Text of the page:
Proposed new rules target methane emissions

The brown cloud covering highly populated parts of the Front Range is the visible part of air pollution, but unseen ozone is most dangerous to health. In the first photo, a clear view from the mountains looking east to the Denver Metro area. The second shot is the same view, obstructed by the brown cloud. [Photos by Robert D. Tonsing/Colorado Public News.]

The brown cloud covering highly populated parts of the Front Range is the visible part of air pollution, but unseen ozone is most dangerous to health. In the first photo, a clear view from the mountains looking east to the Denver Metro area. The second shot is the same view, obstructed by the brown cloud. [Photos by Robert D. Tonsing/Colorado Public News.]

At the state Capitol on Monday, Governor Hickenlooper announced proposed new air quality rules saying, “These are going to amount to the very best air quality regulations in the country.”

“We support this proposal because it is the right thing to do,” said Ted Brown, of Noble Energy. “Having said that though, it is a tough rule.”

The proposed regulations would cut 92,000 tons of volatile organic compounds per year from Colorado’s air – equivalent to all the VOCs emitted by every car in the state, said Larry Wolk, director of the Colorado Department of Public Health and Environment. According to Wolk, methane is a common and potent greenhouse gas, but methane and other hydrocarbons can also cause breathing problems in sensitive people.

Oil & Gas Rulemaking Efforts: Regulation Numbers 3, 6, & 7

These proposed air emissions rules will be formally proposed to the Colorado Air Quality Control Commission by agency staff on Thursday, November 21. Public hearings will be held in February 2014, with final regulations expected by March 1.

Dan Grossman, director of the regional chapter of the Environmental Defense Fund, praised the proposed rule. “The environmental concerns around oil and gas are real, and they impact Coloradans in a profound way,” Grossman said.

If adopted, these air regulations would also represent the strongest regulations in the nation for reducing air pollution from the oil and gas sector, with a litany of firsts as described in an EDF blog post:

  • First state to directly target methane reductions from oil and gas production. Some existing state and federal emissions rules reduce methane indirectly, for example by mandating VOC reductions, but no one as of yet has gone after methane directly.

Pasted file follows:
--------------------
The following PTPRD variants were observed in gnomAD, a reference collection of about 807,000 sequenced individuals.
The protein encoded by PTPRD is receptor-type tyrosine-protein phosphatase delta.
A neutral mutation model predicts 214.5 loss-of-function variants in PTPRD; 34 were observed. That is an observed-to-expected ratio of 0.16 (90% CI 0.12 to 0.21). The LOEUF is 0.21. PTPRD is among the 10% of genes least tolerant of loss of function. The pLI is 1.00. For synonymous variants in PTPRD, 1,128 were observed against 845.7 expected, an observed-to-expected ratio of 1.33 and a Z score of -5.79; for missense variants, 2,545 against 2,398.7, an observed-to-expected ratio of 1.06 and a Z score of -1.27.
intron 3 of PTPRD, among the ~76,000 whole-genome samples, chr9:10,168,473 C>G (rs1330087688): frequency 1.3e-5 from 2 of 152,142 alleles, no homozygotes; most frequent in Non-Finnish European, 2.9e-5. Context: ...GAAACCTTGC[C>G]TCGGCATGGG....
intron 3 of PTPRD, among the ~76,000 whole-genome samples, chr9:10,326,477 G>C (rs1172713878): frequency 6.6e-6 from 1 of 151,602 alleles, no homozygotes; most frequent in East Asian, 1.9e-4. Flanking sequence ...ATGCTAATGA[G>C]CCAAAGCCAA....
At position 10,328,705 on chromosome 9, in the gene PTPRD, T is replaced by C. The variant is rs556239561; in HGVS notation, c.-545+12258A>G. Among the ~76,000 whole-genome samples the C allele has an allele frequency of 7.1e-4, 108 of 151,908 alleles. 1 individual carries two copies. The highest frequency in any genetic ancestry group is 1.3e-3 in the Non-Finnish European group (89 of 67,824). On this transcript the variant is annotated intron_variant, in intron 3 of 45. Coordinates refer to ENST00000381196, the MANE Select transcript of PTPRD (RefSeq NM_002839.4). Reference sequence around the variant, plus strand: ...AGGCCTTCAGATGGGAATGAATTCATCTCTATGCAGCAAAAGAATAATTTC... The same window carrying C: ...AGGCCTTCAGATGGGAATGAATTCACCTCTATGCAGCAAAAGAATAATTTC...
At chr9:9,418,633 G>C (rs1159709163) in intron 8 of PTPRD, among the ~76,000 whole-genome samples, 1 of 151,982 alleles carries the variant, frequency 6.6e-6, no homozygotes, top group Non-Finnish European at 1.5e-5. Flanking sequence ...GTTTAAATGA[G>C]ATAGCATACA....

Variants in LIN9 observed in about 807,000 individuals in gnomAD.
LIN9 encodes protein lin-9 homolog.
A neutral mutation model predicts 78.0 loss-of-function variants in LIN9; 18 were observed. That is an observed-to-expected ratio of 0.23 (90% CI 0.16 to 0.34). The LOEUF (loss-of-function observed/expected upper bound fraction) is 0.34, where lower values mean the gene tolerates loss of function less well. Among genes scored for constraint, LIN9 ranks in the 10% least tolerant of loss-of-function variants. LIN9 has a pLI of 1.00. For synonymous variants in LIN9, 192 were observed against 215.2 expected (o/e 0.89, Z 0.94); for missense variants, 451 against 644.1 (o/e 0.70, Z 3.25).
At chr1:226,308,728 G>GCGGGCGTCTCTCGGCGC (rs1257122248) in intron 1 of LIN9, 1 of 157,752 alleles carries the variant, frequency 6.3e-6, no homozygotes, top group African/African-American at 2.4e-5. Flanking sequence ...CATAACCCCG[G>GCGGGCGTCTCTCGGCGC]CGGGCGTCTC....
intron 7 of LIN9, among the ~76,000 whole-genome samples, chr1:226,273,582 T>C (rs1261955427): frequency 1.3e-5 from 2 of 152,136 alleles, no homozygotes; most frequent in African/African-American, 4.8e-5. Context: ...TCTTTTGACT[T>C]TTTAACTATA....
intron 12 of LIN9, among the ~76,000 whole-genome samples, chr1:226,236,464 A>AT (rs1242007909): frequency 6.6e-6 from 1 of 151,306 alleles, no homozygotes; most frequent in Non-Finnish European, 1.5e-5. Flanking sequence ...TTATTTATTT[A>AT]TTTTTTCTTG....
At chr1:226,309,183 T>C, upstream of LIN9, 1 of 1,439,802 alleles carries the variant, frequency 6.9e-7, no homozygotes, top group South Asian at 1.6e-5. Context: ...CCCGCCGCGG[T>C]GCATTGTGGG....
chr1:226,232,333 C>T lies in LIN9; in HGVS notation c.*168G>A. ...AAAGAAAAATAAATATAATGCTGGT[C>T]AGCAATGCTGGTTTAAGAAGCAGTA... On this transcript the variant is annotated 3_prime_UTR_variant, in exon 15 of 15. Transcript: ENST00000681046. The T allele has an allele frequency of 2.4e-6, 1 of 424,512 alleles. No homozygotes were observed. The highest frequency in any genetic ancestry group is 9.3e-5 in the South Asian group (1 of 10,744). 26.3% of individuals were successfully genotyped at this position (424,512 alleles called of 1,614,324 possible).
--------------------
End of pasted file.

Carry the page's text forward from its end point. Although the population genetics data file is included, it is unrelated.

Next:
• First state to require Leak Detection and Repair (LDAR) on all wells statewide to control equipment leaks of “fugitive” methane and VOC emissions. Colorado would also be the first to require monthly inspections for certain well sites known to be the largest emitters.
  • First state to require operators to take preventative measures to avoid venting from well maintenance activities, such as liquids unloading (the stage when active wells are cleared of water and other liquids inhibiting production).
  • First to require a statewide retrofit of all valves (also known as pneumatics) used on well sites to control routine operations. Companies would be required to change all “high-bleed” pneumatics to lower emission “low-bleed” devices. Where electricity is available at certain well sites, Colorado would also be the first to require “no-bleed” pneumatics.
  • First state to require that existing storage tanks comply with pollution limits that only apply to new tanks under federal law.

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Earthjustice Press Release

Promising Start to Colorado Air Pollution Rules But Much Work Remains
Rulemaking process must result in strong protections for public health and Colorado communities
November 18, 2013

Denver, CO — The Colorado Air Pollution Control Division today unveiled proposed revisions to the state’s air pollution rules for the oil and gas industry that would, for the first time, directly regulate the powerful greenhouse gas methane. The proposal is the start of what will be a months-long effort to address Colorado’s growing smog problem and reduce global warming pollution associated with the oil and gas industry.

“We are happy to see the state recognizing the serious public health and global warming pollution problems caused by rampant oil and gas development,” said Mike Freeman, staff attorney at Earthjustice. “This looks like a good start, but we’re still reviewing the proposal and the devil is in the details. There are a number of exceptions and loopholes that will need to be closed” …

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Proposed Colorado air pollution regs clamp down on oil, gas emissions

The rules developed over the past year by the Colorado Department of Public Health and Environment’s air quality control division would require companies to capture roughly 95 percent of the hydrocarbon pollutants they emit from oil and gas facilities. Properly operated flare devices, already in use by many companies, can achieve 98 percent capture of emissions — preventing venting into the atmosphere …

…”The beauty of this proposal is that it simultaneously would result in reduction of several different types of pollutants,” CDPHE air pollution control division director Will Allison said. “These include volatile organic compounds, methane and air toxics” …

… And, when it comes to emissions of methane — a powerful greenhouse gas blamed for global warming — the industry is largely unregulated, even though state air emissions monitoring data show oil and gas operations are a major source …

… Western Resource Advocates Lands Program Director Gary Graham said his group is pleased with the emerging rules. “This is going to help a great deal to protect the health and well-being of people in Colorado from VOCs and methane” …

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